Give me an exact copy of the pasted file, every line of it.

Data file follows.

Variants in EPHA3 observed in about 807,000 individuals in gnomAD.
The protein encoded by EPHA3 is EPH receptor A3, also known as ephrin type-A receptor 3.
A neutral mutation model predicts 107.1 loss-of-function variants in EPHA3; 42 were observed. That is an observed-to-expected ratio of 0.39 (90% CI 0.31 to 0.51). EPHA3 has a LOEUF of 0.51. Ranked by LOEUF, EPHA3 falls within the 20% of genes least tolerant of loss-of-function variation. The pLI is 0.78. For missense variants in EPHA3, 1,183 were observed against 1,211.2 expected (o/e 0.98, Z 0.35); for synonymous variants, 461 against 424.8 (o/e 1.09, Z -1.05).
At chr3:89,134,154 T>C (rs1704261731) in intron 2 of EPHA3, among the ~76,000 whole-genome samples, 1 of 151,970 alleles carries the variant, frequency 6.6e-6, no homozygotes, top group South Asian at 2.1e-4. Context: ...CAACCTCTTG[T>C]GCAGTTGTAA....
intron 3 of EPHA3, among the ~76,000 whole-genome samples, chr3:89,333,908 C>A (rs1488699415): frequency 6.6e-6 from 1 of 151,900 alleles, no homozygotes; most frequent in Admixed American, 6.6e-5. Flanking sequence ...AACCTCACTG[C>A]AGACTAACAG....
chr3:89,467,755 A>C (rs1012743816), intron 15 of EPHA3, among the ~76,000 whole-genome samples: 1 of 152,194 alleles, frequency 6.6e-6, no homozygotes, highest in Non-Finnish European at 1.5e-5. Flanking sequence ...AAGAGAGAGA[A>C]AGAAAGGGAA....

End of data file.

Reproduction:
Variants in EPHA3 observed in about 807,000 individuals in gnomAD.
The protein encoded by EPHA3 is EPH receptor A3, also known as ephrin type-A receptor 3.
A neutral mutation model predicts 107.1 loss-of-function variants in EPHA3; 42 were observed. That is an observed-to-expected ratio of 0.39 (90% CI 0.31 to 0.51). EPHA3 has a LOEUF of 0.51. Ranked by LOEUF, EPHA3 falls within the 20% of genes least tolerant of loss-of-function variation. The pLI is 0.78. For missense variants in EPHA3, 1,183 were observed against 1,211.2 expected (o/e 0.98, Z 0.35); for synonymous variants, 461 against 424.8 (o/e 1.09, Z -1.05).
At chr3:89,134,154 T>C (rs1704261731) in intron 2 of EPHA3, among the ~76,000 whole-genome samples, 1 of 151,970 alleles carries the variant, frequency 6.6e-6, no homozygotes, top group South Asian at 2.1e-4. Context: ...CAACCTCTTG[T>C]GCAGTTGTAA....
intron 3 of EPHA3, among the ~76,000 whole-genome samples, chr3:89,333,908 C>A (rs1488699415): frequency 6.6e-6 from 1 of 151,900 alleles, no homozygotes; most frequent in Admixed American, 6.6e-5. Flanking sequence ...AACCTCACTG[C>A]AGACTAACAG....
chr3:89,467,755 A>C (rs1012743816), intron 15 of EPHA3, among the ~76,000 whole-genome samples: 1 of 152,194 alleles, frequency 6.6e-6, no homozygotes, highest in Non-Finnish European at 1.5e-5. Flanking sequence ...AAGAGAGAGA[A>C]AGAAAGGGAA....